The Quest, Energy, Security, and the Remaking of the Modern WorldYergin does not say what the future of energy will be. His storytelling is brilliant but more important is the understanding he brings to his reader’s mind: where and why we stand where we are today on energy issues. As an echo to this understanding, a second thought is introduced: why we will not be able to reach a better situation unless we learn from the past. This is when the journalist becomes a friend. Never forget the realities and constraints that drive the decision-makers. It is no surprise that Yergin received the Pulitzer Prize, twenty years ago, for The Prize. Oil was its central character, and oil has not disappeared. It is still playing a major role in the global game of power and the lives of people. Each locomotive engineer uses the energy equivalent of 100,000 men and, today, each jet pilot uses the equivalent of 700,000, said the admiral Rickover, quoted by Yergin. He recognizes that the harnessing of energy has achieved a lot, but he dares ask the question “Can we bet on that for the future?” The security issue that surrounds supply will continue to be a fundamental concern. “Over 80 percent of world energy continues to be supplied by the ‘combustibles’… Coal is 40 percent of the world’s electricity.” As he points out, the global overall energy consumption may become 35 to 40 percent greater than it is today. Forging a coherent energy policy at the complex, global level it has reached today, means going into a long-term policy mix with a variety of sources. But the magnitude of the long-term plan will not only claim much more knowledge, as Yergin explains. It also demands a revolution in the decision making process.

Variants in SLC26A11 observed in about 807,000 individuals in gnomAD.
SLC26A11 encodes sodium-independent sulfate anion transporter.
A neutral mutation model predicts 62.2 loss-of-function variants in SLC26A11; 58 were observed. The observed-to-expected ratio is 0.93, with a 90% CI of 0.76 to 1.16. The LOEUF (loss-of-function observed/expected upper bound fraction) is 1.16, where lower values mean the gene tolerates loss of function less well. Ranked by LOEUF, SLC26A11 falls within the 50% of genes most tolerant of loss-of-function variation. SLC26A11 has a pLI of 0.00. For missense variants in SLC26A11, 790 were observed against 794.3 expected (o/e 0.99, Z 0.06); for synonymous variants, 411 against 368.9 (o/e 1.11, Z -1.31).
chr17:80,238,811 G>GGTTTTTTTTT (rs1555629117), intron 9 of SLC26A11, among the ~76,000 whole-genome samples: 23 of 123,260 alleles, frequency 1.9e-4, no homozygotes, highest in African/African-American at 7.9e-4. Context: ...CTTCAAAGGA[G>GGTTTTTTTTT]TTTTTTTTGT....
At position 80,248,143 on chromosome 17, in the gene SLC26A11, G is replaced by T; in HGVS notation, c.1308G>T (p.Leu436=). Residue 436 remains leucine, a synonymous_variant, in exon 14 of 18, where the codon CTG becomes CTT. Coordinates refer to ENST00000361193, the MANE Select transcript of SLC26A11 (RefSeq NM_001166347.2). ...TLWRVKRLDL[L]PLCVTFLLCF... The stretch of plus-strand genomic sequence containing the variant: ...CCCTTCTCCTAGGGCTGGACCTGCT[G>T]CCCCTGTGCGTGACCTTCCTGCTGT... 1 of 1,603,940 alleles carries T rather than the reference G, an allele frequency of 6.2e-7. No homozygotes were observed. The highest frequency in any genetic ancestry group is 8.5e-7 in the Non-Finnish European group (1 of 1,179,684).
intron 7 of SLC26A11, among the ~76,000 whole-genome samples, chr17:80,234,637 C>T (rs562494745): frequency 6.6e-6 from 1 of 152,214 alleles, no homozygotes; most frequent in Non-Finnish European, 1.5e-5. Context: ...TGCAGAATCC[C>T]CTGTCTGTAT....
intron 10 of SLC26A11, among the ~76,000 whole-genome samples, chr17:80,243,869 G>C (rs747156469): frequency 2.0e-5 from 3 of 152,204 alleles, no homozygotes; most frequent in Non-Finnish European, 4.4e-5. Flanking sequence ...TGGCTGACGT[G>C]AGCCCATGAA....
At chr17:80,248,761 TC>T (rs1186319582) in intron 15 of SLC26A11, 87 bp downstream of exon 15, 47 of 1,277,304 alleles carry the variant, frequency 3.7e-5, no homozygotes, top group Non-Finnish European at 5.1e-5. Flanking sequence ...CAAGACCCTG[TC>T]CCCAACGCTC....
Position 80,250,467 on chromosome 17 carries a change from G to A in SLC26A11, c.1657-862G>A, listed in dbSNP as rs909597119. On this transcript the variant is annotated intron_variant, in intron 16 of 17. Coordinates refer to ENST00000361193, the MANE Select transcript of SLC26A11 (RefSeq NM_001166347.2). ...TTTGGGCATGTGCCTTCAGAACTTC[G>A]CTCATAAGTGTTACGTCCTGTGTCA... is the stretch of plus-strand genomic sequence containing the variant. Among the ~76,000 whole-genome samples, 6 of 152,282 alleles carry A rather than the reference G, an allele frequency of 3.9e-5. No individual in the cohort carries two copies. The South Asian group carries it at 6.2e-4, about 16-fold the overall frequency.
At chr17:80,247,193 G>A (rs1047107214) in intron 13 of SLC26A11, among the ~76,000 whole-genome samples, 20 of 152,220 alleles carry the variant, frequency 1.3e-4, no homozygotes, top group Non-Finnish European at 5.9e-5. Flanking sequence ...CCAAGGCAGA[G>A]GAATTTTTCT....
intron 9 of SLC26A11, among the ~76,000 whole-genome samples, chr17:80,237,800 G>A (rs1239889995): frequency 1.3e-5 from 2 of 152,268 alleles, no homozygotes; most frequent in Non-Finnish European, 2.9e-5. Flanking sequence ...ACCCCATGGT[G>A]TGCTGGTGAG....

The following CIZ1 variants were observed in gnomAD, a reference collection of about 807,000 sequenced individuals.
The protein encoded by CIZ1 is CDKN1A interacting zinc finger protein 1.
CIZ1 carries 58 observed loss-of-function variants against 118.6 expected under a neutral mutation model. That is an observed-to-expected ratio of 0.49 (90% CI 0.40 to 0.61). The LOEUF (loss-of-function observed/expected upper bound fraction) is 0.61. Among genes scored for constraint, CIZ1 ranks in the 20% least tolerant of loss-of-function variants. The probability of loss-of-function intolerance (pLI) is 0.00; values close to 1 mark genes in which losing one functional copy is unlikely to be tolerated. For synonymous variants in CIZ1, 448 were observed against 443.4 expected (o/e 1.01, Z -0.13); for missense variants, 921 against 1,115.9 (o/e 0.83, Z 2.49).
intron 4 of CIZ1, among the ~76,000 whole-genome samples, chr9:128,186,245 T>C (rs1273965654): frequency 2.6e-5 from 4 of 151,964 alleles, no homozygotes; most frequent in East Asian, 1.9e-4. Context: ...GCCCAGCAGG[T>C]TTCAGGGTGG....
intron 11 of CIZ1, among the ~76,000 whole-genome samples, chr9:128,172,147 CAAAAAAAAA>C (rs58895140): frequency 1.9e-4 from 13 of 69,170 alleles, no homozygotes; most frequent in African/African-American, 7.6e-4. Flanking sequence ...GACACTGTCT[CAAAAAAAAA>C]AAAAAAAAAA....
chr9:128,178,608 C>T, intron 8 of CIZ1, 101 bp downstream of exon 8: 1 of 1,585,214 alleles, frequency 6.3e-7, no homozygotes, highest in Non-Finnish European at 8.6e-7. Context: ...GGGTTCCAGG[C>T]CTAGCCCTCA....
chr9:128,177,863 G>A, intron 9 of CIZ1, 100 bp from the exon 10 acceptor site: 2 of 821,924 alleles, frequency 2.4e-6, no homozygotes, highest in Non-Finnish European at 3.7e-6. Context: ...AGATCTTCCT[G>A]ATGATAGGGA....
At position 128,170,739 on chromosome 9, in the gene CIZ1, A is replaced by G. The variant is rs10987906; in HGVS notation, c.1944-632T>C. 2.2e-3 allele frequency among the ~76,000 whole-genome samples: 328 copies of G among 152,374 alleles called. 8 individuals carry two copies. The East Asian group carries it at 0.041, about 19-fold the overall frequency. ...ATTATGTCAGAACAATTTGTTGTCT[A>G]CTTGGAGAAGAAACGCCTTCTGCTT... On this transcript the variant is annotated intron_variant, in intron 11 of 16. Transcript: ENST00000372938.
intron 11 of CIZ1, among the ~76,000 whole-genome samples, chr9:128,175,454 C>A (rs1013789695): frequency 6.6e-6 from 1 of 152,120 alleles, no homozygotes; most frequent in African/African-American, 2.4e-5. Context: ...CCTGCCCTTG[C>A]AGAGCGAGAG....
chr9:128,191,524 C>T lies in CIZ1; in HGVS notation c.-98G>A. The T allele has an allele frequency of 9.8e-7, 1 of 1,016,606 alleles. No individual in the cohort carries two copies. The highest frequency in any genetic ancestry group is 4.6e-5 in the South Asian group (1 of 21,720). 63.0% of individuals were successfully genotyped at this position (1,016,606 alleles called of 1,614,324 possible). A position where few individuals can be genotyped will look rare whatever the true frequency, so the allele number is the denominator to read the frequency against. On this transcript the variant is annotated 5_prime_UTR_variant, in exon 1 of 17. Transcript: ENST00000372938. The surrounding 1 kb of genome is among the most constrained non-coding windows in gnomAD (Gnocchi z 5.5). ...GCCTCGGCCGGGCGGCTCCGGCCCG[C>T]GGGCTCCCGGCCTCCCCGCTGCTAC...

- H. M.

The Quest, Energy, Security, and the Remaking of the Modern World, Daniel Yergin, Allen Lane, £30.00